Thursday, October 23, 2008

Deconstructing The Scarlet Letter

Ok, I posted this, then I got all insecure and I deleted it (after a few of you were kind enough to comment) and then I remembered that I like to kick insecurities in the here I am reposting this.

Rowena, the Warrior Girl, tagged me the other day. I was supposed to give six random facts about myself, but instead, I thought I would share with you all a story. I've been meaning to write more lately, and I wrote this a couple of months ago and haven't shared it with many people, so I thought I would share it here. It gives a pretty good idea of me. I love recreating moments from my memory that were as good in real life as they appear on paper.

So here you go....the number one reason why The Scarlet Letter remains one of my favorite books. And yes, the principal really told me not to teach it.

Whatever you do, DON’T teach The Scarlet Letter

“Ok, y’all settle down.” I stood at the front of the room holding a box of The Scarlet Letter. Now listen, because I’m going to tell you something. No one in this school believes that you can read this book.” I started handing the books out, one by one, looking each student in the eye. “They don’t think you’ll ‘get it.’” I said as I passed one to Shenedria, then Sharonda, then Sh’miae, and finally to Caroldoria, my saving C in a row of S’s. “In fact, they told me not to teach it.” I paused and looked into Jabbar’s face, my most rebellious student, I knew he would love this. “So, guess what our new unit is going to be? “ Jabbar’s face turned into a slight smile as he felt the book in his hands. I kept walking and passing out the book. “Ok, we’re going to start today. It won’t be easy.” I said this as I looked into Jordy’s eyes. He knew something about life not being easy. He was 19, still trying to pass high school. His parents had abandoned him long ago, leaving him and his younger brother with his aged grandmother. He worked nights, sometimes all night. He never turned in his homework, but he always showed up for class. “It’s going to take effort.” A book to Bintu. “It’s going to take dedication.” A book to Tyrell. “It’s going to take us working together.” The last book to Amanda, the only white girl besides me. I went and moved back to the front of the room with my book in hand. “However, I really think this is a valuable book. On the surface it is about a love affair between a married woman and a priest.” Shouts, yells, and other suggestive whistles filled the air. “But underneath you will find a story about not being accepted by society, about making decisions, and most of all, about the judgments we place on others. So keep your hands and feet to yourself and enjoy the ride.”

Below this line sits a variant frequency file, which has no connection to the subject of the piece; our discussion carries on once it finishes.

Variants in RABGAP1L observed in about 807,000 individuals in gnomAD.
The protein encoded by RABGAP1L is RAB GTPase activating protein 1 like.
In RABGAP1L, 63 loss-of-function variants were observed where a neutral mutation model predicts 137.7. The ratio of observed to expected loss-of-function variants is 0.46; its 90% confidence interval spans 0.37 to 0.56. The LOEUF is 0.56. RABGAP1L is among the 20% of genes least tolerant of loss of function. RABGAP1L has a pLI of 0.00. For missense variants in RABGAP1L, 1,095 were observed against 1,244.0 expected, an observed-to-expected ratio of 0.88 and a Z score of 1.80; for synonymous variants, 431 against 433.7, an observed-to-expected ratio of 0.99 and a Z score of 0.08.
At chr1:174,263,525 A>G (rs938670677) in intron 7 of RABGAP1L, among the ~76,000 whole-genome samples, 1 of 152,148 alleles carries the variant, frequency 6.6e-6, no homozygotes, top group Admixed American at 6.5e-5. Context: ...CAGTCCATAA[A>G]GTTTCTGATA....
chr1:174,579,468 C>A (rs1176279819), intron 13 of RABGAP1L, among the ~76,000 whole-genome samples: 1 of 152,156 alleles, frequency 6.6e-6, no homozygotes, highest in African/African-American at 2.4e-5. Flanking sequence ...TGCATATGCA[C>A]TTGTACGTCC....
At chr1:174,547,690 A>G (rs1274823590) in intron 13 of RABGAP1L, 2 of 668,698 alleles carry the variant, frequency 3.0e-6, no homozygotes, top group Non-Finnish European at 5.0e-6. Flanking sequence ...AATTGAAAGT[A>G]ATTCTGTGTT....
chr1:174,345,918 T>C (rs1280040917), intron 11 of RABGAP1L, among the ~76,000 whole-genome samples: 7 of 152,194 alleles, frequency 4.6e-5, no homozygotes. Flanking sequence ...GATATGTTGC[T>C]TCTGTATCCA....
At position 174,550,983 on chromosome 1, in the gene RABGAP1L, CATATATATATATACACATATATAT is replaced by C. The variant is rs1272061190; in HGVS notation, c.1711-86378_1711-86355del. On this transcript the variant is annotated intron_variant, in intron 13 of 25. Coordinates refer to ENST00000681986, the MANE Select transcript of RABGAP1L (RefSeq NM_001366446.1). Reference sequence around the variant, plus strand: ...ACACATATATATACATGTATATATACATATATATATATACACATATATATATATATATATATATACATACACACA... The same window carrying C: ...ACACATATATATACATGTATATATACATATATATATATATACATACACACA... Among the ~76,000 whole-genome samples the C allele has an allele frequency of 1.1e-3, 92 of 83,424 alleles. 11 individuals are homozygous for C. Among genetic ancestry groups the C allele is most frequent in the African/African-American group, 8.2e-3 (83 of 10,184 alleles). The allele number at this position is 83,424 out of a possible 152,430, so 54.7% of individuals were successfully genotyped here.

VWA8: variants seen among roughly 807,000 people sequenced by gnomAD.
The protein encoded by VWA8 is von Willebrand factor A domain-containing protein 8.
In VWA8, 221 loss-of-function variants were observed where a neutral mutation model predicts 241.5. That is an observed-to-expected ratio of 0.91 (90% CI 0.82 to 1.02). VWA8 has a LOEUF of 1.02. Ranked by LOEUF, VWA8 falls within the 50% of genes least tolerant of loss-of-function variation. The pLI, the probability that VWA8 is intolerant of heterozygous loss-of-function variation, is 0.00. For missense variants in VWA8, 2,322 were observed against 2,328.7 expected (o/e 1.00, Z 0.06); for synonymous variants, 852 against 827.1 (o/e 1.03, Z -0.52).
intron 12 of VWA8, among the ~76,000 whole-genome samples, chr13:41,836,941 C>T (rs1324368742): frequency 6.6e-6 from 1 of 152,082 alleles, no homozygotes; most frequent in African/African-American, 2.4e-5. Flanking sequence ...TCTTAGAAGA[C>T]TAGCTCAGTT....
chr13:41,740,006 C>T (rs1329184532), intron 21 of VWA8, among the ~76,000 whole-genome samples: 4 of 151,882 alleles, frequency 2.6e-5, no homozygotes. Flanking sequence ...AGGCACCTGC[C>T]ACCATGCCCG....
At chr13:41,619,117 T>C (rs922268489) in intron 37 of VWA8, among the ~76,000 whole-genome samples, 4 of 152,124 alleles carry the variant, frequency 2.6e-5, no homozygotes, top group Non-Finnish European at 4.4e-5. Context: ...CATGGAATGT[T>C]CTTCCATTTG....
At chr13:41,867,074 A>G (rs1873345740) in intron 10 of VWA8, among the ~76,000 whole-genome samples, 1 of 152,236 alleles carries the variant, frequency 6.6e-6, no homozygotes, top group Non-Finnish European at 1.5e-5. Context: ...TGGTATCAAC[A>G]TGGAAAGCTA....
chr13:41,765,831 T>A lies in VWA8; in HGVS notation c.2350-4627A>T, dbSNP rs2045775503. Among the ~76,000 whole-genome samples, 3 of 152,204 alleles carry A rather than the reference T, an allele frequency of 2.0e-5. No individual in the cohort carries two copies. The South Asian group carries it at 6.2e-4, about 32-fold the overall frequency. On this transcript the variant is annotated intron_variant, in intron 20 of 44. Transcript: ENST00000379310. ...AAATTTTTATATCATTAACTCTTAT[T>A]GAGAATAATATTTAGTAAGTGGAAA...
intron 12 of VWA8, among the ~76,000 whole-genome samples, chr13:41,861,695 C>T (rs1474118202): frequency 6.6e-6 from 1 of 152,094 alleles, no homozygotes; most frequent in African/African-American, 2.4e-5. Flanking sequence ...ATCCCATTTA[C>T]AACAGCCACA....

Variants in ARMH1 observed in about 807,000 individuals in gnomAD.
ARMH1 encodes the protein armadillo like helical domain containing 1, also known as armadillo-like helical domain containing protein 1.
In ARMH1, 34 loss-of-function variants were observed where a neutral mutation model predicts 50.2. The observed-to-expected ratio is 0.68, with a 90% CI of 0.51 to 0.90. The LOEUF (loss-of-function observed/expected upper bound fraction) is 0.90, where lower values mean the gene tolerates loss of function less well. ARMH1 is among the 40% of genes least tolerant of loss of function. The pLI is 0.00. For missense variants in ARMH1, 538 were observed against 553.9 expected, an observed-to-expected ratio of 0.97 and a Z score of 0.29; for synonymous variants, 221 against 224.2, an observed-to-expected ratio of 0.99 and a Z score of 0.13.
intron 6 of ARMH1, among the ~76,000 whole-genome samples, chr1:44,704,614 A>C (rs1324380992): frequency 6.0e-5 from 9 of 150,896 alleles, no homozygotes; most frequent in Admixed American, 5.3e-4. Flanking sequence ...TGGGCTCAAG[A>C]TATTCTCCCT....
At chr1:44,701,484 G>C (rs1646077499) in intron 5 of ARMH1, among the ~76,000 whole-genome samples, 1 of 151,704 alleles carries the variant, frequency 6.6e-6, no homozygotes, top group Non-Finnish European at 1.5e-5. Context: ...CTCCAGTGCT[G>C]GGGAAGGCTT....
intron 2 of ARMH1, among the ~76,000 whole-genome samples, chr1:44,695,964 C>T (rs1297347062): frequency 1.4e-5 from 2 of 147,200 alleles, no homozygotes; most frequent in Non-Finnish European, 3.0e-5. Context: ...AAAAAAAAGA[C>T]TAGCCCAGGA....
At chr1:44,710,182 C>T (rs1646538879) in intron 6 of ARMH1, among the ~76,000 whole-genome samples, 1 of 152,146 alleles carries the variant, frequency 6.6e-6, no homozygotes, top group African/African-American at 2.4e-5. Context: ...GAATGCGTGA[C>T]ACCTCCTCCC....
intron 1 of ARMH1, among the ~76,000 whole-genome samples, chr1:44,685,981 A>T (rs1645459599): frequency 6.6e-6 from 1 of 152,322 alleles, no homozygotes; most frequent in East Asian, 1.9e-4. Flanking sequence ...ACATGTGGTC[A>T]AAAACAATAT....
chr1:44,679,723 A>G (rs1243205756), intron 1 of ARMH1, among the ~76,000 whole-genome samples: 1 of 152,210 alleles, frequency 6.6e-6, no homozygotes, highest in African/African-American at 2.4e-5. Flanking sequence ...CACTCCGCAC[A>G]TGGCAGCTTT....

The first chapter took us two days to go through, the new vocabulary came daily as I would read a paragraph. We would stop, and I would put it into understandable terms. The significance of the detail of the prison door, the lone rose bush that grew outside, the significance of starting the novel after the affair to show consequences, and the symbol of Pearl herself. They loved it, they struggled with it, they related to it, they lived it.

The time came for the first writing assignment. The kids had to write their own ideas of what was driving Arthur Dimmesdale. What were his intentions and motives? I came to Dicarrio Jenkins’ paper, the paper of the kid who, on the first day of class, told me I needed to pronounce his name with “a little more attitude.” This was his paper, “Arthur Dimmesdale was the baby daddy who jus wanted a booty call.” I remember that paper because I learned for the first time the definitions of “baby daddy” and “booty call.” I had to smile because I couldn’t mark it wrong.

I had four pregnant 16 year olds in that class. None of them married, none of them ready to be mothers. In fact, two babies had been found in the trashcans earlier in the year. The girls had gone into the bathrooms, given birth, then threw the babies away because they didn't know what to do. We talked about Hester raising Pearl alone. We talked about not having a father there to help, most of these kids didn’t have fathers either. During one poignant discussion, a young girl, Sade, came up to me and said, “Oh, Miss Bee, I be fittin’ to have this baby, can I use the hall pass, ma’am?” Just then her water broke. There was an amniotic fluid stain on the carptet all year long. That remains today, the most valid reason for using the hall pass I have ever had. I called the office, they called the ambulance. Did my kids understand having babies when you shouldn’t?

They became fascinated with the scarlet letter Hester was forced to wear. A large red A marking her sins to the world, telling the community to avoid her. These kids have grown up thinking that the color of their skin is a Scarlet Letter. Did they understand what it would be like to be in Hester’s shoes?

A black on white fight broke out across the school at a part a few days later. Many of my kids saw it, and some of them were in it. It’s the old West Side Story kind of fight. We discussed it, like we did everything. I realized that I was, to many of them, the moral parental influence that they so desperately needed. Did they learn from the hate that consumed Roger Chillingworth?